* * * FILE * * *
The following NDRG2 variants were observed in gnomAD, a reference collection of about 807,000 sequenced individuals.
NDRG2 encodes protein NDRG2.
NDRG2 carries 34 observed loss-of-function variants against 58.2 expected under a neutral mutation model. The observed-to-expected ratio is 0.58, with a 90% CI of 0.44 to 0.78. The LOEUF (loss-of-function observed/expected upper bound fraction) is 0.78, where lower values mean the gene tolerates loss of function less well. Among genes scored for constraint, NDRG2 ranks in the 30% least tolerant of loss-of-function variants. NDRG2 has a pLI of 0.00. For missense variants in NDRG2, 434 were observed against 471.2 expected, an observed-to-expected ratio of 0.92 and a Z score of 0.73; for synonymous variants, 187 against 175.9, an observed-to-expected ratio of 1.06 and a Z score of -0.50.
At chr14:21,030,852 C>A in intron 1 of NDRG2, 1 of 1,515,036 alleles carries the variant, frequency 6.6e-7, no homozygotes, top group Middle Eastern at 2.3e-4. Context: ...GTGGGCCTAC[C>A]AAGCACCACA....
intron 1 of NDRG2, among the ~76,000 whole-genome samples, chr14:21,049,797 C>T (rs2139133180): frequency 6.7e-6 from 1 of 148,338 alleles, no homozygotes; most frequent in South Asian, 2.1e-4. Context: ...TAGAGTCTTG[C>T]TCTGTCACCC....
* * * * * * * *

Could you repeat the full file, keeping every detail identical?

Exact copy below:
The following NDRG2 variants were observed in gnomAD, a reference collection of about 807,000 sequenced individuals.
NDRG2 encodes protein NDRG2.
NDRG2 carries 34 observed loss-of-function variants against 58.2 expected under a neutral mutation model. The observed-to-expected ratio is 0.58, with a 90% CI of 0.44 to 0.78. The LOEUF (loss-of-function observed/expected upper bound fraction) is 0.78, where lower values mean the gene tolerates loss of function less well. Among genes scored for constraint, NDRG2 ranks in the 30% least tolerant of loss-of-function variants. NDRG2 has a pLI of 0.00. For missense variants in NDRG2, 434 were observed against 471.2 expected, an observed-to-expected ratio of 0.92 and a Z score of 0.73; for synonymous variants, 187 against 175.9, an observed-to-expected ratio of 1.06 and a Z score of -0.50.
At chr14:21,030,852 C>A in intron 1 of NDRG2, 1 of 1,515,036 alleles carries the variant, frequency 6.6e-7, no homozygotes, top group Middle Eastern at 2.3e-4. Context: ...GTGGGCCTAC[C>A]AAGCACCACA....
intron 1 of NDRG2, among the ~76,000 whole-genome samples, chr14:21,049,797 C>T (rs2139133180): frequency 6.7e-6 from 1 of 148,338 alleles, no homozygotes; most frequent in South Asian, 2.1e-4. Context: ...TAGAGTCTTG[C>T]TCTGTCACCC....